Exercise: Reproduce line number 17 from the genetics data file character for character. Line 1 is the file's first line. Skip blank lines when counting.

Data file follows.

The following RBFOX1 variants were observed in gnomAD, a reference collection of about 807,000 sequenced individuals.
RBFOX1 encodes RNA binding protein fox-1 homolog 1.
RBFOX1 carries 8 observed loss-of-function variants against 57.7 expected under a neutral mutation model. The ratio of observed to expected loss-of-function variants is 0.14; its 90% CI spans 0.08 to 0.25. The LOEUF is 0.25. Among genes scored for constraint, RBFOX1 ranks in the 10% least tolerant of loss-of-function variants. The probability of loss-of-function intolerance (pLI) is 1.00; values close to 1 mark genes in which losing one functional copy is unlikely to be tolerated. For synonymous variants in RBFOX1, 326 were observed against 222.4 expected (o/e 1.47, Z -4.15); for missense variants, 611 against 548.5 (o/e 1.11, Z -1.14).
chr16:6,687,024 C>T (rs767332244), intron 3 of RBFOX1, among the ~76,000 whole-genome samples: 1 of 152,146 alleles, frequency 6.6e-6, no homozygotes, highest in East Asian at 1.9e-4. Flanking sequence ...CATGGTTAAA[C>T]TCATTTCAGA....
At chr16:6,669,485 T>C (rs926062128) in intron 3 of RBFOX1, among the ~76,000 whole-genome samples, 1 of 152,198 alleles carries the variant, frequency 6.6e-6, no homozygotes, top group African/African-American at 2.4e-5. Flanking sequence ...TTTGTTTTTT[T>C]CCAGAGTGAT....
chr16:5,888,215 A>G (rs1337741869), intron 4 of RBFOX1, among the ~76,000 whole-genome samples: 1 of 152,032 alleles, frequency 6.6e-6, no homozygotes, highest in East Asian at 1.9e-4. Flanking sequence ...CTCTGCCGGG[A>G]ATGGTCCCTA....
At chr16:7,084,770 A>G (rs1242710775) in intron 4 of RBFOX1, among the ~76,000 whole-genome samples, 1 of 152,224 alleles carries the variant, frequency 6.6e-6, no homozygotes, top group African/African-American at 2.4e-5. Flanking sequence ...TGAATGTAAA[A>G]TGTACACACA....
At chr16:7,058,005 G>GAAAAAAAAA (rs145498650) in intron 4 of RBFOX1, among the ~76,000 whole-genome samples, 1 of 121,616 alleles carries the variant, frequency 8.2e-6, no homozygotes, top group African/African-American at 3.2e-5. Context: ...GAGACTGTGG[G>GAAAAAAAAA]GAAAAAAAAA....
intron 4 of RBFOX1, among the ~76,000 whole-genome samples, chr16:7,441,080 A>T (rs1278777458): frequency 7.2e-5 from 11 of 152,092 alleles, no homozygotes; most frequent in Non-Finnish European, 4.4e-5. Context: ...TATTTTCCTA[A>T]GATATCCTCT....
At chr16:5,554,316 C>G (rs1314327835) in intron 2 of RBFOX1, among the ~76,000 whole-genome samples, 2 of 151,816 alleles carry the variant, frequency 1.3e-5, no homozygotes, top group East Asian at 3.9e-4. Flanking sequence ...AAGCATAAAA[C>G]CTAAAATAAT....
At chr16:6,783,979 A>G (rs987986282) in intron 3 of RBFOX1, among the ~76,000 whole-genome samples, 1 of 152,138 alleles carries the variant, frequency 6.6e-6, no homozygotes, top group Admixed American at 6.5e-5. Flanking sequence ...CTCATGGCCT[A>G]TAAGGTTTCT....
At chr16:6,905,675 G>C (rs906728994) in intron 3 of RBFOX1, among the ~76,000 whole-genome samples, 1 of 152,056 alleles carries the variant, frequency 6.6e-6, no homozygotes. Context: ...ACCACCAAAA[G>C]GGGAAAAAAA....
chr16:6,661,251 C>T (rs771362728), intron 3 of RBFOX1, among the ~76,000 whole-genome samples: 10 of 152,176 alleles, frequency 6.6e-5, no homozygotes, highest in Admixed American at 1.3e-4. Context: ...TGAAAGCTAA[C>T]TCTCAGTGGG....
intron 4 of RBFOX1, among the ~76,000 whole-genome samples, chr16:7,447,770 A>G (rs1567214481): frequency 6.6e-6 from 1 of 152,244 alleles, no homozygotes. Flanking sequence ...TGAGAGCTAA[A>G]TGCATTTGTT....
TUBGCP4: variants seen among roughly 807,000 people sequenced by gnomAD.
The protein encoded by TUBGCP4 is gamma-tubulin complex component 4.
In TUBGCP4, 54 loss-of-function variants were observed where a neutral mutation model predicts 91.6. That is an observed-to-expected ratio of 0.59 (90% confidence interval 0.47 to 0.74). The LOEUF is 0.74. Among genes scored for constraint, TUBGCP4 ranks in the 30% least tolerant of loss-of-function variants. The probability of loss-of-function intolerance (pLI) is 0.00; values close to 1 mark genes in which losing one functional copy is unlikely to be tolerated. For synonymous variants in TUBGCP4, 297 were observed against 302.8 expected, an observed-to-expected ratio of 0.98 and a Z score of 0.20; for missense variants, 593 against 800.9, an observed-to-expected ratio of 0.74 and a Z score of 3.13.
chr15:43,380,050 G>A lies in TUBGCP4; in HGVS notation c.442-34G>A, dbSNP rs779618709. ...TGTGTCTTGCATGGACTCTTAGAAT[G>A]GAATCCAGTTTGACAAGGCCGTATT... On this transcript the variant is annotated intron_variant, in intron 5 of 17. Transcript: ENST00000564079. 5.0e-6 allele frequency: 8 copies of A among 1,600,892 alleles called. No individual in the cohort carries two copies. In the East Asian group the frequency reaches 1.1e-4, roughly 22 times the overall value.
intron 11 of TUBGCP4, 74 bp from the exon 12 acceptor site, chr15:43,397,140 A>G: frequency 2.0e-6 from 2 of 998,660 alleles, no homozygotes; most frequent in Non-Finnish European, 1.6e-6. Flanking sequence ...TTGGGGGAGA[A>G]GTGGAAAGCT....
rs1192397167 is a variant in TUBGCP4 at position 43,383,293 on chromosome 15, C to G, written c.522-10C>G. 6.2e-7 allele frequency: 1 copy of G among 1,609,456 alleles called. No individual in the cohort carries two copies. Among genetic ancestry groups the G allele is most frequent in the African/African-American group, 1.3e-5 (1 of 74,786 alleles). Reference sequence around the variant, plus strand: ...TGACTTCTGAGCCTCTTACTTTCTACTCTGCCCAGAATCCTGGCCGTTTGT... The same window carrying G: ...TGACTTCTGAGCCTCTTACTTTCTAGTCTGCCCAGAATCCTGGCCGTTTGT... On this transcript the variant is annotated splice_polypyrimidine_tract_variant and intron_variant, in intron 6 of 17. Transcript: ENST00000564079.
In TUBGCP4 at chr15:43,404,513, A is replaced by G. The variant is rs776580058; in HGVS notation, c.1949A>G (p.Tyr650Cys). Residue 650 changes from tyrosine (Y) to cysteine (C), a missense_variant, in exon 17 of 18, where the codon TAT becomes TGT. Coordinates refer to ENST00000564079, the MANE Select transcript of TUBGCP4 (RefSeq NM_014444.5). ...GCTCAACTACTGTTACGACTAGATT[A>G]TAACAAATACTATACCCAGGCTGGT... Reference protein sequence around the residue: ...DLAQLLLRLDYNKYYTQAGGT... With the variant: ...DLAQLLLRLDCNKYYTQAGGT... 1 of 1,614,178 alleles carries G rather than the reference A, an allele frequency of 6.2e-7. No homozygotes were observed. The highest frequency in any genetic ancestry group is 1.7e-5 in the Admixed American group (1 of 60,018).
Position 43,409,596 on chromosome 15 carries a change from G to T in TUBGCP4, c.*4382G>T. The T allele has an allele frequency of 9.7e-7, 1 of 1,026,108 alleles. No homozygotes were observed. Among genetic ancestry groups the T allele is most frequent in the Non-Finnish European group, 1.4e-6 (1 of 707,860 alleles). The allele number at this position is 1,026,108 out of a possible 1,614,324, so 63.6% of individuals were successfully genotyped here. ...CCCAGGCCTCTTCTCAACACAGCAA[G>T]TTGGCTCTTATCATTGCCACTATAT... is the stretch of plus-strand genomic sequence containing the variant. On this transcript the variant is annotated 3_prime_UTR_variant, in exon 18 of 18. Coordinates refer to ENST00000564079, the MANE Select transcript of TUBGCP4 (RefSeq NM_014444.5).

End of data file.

In TUBGCP4, 54 loss-of-function variants were observed where a neutral mutation model predicts 91.6. That is an observed-to-expected ratio of 0.59 (90% confidence interval 0.47 to 0.74). The LOEUF is 0.74. Among genes scored for constraint, TUBGCP4 ranks in the 30% least tolerant of loss-of-function variants. The probability of loss-of-function intolerance (pLI) is 0.00; values close to 1 mark genes in which losing one functional copy is unlikely to be tolerated. For synonymous variants in TUBGCP4, 297 were observed against 302.8 expected, an observed-to-expected ratio of 0.98 and a Z score of 0.20; for missense variants, 593 against 800.9, an observed-to-expected ratio of 0.74 and a Z score of 3.13.